Deported dad hopeful U.S. will allow him to attend slain Abbie’s funeral in NJ
KEANSBURG — The father of 11-year-old homicide victim Abbiegail "Abbie" Smith would be devastated if he is not allowed back into the United States for his daughter's funeral on Monday.
"God! Please don't say that! Please! Oh my God. I don't know. I can't tell you what I would do," Kenroy Smith told New Jersey 101.5 when asked about the effort by his daughter Latisha, who lives outside Washington, to secure him a visa.
One of his adult daughters in Jamaica, meanwhile, has been denied a visa based on answers to questions on her application, the family says.
Abbie’s body was found wrapped in a blanket on a rear roof of the Hancock Avenue apartment building where she lived with her mother. Her mother had reported her missing 12 hours earlier on July 12.
Andreas Erazo, 18, who lived upstairs from Abbie, was arrested the next day and charged with first-degree murder. Prosecutors say he stabbed Abbie in the neck with a knife. Authorities have not said whether they know of a motive.
Abbie's funeral is Monday in Keansburg with a viewing on Sunday. Kenroy wants nothing more than to see the daughter he has not seen since 2014 one last time.
Kenroy Smith was deported in 2001 on a drug charge, but he was not permanently banned from returning to the country, he says. Smith's memory is hazy on the charges and what led to him being deported.
"Actually, I did not see a judge. I was just kicked out of the United States with my three kids and my previous wife. I was not a dealer. I was an addict," he said.
"I was always dreaming of seeing her one day in the United States. I was always dreaming of her running from her mom and jump in my arms. The last time I saw her, when she sees me she just runs from her mom and runs straight into my arms. She squeeze me so tight around my neck and I just hold her tight and tell her I love her so much," Kenroy said.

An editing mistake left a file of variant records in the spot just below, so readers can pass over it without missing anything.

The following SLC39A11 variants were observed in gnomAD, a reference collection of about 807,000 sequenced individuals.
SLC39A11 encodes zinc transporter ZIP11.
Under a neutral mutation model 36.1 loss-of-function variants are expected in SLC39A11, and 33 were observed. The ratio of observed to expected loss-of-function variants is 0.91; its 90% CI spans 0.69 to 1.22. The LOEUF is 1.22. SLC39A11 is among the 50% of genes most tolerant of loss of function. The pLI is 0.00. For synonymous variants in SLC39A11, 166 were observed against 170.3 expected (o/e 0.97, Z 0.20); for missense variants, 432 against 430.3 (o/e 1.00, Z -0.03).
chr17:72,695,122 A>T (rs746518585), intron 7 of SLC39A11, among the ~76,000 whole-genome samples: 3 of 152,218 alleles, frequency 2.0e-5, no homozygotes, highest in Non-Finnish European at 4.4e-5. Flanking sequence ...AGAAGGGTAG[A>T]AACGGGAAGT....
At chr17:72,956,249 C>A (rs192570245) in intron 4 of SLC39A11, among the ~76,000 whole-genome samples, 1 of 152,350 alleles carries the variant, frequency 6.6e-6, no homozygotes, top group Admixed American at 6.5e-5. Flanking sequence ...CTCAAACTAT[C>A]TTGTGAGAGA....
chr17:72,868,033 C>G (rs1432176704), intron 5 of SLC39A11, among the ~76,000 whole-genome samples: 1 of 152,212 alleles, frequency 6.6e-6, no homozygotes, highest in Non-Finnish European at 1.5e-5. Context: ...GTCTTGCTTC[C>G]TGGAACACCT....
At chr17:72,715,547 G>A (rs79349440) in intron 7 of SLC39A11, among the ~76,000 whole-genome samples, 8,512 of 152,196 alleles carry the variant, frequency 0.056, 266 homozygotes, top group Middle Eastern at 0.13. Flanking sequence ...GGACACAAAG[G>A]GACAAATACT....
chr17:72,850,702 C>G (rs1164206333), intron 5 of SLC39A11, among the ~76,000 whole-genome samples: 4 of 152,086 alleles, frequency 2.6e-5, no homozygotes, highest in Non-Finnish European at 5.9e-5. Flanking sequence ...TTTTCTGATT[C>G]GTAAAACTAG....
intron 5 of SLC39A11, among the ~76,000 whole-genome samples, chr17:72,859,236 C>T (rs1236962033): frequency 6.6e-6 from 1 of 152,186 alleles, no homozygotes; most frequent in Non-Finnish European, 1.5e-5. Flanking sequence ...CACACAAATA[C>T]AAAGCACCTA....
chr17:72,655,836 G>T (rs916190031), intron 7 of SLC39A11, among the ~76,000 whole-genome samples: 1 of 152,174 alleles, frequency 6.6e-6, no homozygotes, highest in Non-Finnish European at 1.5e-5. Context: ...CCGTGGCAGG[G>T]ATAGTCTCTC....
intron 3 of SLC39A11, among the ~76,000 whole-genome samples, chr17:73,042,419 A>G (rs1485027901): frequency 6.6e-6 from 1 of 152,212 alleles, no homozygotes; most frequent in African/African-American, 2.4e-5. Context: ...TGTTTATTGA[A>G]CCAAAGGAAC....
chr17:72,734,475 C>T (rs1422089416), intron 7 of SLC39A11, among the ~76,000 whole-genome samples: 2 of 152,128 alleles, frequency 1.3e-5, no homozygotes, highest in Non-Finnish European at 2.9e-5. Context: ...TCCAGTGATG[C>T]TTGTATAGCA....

Abbie moved to the United States from Jamaica with her family in 2007. She and her mom lived in Highlands before moving to Keansburg in 2015 with her mother, Carol Bennett. She is one of seven children.
Latisha Smith, who lives outside Washington, D.C., said her father could not return to the United States for two years after he was deported. "It's a minor drug charge. A charge is a charge but this one is really minor. He didn't commit murder," she said.
Latisha Smith contacted Homeland Security, Immigration and the Jamaican Embassy about getting her father and adult sister, Kenish, visas.
"It's really difficult because you really don't which office (can help)," Smith said, adding that she is working with a lawyer as well.
She said that U.S. Sen. Robert Menendez's office said they would do all they can to help.
Latisha said Kenish was rejected for a visa by the U.S. Embassy in Jamaica based on her answers to two questions about her occupation and where she lives.
"You cannot judge based on two questions.You need to actually look at the documents and see what is really going on and the situation. The person who took care of my sister ... did not take into consideration the situation at all."
"My sister doesn't have a criminal record and she has kids she has to go back home to," she said.
"I have not seen Abby since she moved to New Jersey (in 2007). She's a sweetheart We're born six days apart. She's Oct. 25 and I'm the 31 of October. She was our little Scorpio of the bunch. Her life was cut too short."
The father has posted many photos and videos of Abbie on his Facebook page, including one where he lights candles in his yard and sings "Amazing Grace."
He is hopeful that he will get to see his daughter one last time.
"It just seems like there's so many rivers to cross and I can't seem to find my way over. I'm still hoping that it will work out. I keep my fingers crossed. Say a prayer for me."
Contact reporter Dan Alexander at firstname.lastname@example.org.
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